Being prepared means my PNH essentials go everywhere I go

Anything from antibiotics to a thermometer go in my 'everything' bag

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by Erin Fortin |

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When I started taking Soliris (eculizumab) after being diagnosed with paroxysmal nocturnal hemoglobinuria (PNH), I was told there was a risk I could contract meningitis, which scared me.

I began to make sure I carried my preventive antibiotics with me, and that I had a thermometer so I could check for fevers that might indicate if I’d come down with this serious illness.

Soon enough, the list of items I wanted to keep with me began to grow. I quickly added an over-the-counter pain reliever, pain patches, and other things.

I carry different purses and bags, depending on where I’m going and what I’m doing. I have my work purse, my “going-out” purse, a backpack I bring to outdoor events, and a small purse I grab when I am running out the door.

This became a problem when it came to keeping my growing list of PNH essentials all in one place. Because my essentials wound up being carried around loose in different bags, remembering to grab everything often resulted in me forgetting certain things.

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Keeping my PNH essentials all in one place

I started putting these items in a sealable Ziploc bag, so they were all together. Whichever purse I used for any given day, I made sure the Ziploc bag was in it. Eventually, my mom found a clear toiletry bag that was a bit classier than a Ziploc. I still use it and have found that, because it’s see-through, it’s easier to rummage around in to find what I need.

This toiletry bag has become my “everything” bag. I compare it to Mary Poppins’ duffle bag that had anything you could possibly need in it. I’ve added personal items and first-aid gear that comes in handy when needed. My everything bag has made living with PNH a lot easier and it puts my mind at ease to know I’m not forgetting anything. I can grab it quickly if I’m switching purses or if I’m out of the house and a symptom arises. I know I can deal with it immediately instead of waiting until I get home.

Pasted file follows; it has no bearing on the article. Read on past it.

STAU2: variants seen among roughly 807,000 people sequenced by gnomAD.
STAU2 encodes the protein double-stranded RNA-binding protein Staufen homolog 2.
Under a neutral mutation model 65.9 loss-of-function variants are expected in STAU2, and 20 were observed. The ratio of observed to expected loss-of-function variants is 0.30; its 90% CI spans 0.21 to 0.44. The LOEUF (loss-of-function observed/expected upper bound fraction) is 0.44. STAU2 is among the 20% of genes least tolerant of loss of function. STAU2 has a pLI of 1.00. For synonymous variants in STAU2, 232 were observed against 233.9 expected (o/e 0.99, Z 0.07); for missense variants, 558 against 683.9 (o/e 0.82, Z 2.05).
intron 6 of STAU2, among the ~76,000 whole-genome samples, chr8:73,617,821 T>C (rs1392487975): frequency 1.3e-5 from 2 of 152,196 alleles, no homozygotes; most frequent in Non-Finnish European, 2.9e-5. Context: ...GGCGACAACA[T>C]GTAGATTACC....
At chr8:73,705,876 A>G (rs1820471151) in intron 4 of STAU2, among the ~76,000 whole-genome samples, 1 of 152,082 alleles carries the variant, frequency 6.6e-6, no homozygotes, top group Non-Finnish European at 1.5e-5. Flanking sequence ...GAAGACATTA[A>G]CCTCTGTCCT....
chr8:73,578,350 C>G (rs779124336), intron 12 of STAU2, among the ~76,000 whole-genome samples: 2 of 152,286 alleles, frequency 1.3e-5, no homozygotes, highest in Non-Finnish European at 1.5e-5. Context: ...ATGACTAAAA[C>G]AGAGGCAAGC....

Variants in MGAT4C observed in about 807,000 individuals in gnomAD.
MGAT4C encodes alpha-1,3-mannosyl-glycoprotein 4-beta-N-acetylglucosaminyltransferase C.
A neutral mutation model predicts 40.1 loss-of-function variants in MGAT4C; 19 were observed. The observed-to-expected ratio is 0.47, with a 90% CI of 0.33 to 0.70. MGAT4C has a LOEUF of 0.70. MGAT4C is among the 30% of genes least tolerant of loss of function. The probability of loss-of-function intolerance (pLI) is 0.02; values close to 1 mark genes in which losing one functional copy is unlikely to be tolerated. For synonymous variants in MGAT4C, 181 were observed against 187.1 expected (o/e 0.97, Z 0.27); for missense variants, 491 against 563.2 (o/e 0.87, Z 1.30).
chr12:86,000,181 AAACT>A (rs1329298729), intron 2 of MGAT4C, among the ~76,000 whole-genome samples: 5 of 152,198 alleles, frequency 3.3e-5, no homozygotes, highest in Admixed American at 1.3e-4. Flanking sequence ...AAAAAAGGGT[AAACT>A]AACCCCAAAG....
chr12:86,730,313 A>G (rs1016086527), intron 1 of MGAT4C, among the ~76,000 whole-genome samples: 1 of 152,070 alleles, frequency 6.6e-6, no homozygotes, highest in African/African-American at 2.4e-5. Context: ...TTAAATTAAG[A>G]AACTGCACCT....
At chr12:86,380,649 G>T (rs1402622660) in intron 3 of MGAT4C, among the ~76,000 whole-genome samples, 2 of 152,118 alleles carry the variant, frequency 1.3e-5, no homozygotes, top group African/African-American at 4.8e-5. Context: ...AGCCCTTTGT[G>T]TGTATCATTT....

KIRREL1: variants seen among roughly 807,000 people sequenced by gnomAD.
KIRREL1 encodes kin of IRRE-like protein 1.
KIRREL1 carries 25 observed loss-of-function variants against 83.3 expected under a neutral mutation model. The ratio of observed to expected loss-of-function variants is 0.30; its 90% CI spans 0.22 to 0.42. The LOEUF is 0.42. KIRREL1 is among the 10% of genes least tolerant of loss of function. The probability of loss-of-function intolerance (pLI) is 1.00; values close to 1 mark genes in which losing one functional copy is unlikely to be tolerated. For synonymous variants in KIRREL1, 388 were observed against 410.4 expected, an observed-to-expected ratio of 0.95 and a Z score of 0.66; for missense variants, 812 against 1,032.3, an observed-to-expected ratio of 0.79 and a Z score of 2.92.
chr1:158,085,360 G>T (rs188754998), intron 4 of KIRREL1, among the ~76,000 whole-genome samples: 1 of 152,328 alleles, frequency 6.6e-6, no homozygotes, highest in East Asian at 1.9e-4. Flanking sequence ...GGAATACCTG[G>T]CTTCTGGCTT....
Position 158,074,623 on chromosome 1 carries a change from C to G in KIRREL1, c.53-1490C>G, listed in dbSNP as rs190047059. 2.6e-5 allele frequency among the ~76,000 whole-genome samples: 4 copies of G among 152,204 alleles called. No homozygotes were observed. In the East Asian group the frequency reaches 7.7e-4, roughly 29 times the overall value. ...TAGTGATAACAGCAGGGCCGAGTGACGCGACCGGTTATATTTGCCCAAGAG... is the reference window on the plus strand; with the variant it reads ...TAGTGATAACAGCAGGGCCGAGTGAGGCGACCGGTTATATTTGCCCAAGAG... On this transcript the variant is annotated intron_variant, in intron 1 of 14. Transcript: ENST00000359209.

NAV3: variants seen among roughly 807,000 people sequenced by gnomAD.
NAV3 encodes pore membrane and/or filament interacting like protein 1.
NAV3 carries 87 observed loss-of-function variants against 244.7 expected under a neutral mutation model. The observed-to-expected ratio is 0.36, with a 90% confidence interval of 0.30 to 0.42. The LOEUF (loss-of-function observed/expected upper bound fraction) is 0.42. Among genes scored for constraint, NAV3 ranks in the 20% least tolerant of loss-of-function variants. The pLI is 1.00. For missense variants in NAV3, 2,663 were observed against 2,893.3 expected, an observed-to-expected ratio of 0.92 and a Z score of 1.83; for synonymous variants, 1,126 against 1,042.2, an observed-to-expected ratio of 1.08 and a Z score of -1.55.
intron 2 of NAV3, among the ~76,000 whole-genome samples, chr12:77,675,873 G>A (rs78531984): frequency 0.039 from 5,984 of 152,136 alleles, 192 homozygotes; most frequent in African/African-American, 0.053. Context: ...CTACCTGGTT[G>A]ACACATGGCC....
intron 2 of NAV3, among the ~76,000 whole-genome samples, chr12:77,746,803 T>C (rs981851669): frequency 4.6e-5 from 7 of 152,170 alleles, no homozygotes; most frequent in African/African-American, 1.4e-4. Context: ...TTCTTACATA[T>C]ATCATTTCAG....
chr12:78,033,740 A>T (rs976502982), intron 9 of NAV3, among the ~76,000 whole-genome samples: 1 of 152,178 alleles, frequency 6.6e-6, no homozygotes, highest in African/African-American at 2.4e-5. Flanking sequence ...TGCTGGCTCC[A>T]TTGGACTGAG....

I keep my medicines in my everything bag, of course: penicillin and ciprofloxacin as preventive medicines for meningitis; over-the-counter extra-strength Tylenol for sudden headaches or pains; and EMLA numbing cream (lidocaine 2.5% and prilocaine 2.5%) for blood draws. Some of the other medical items in my everything bag are:

  • Thermometer, to check for meningitis fever
  • Patient safety cards provided by the pharmaceutical company that makes my Ultomiris (ravulizumab-cwvz) treatment
  • My health insurance card and driver’s license
  • Band-Aids
  • Alcohol pads
  • Cough drops
  • Pain patches.

I also keep some personal items in my everything bag, such as emergency money, a phone charger, a pen, hair ties, lip balm, travel-size scissors, tweezers, and nail clippers.

I’ve found it’s good to have all these items accessible no matter where I am at. There is a game typically played at bridal or baby showers called “What’s in your purse,” where you get points for having obscure items. I usually win because of my everything bag!

What PNH essentials do you always keep with you? Please share in the comments below.

Note: PNH News is strictly a news and information website about the disease. It does not provide medical advice, diagnosis, or treatment. This content is not intended to be a substitute for professional medical advice, diagnosis, or treatment. Always seek the advice of your physician or other qualified health provider with any questions you may have regarding a medical condition. Never disregard professional medical advice or delay in seeking it because of something you have read on this website. The opinions expressed in this column are not those of PNH News or its parent company, BioNews, and are intended to spark discussion about issues pertaining to paroxysmal nocturnal hemoglobinuria.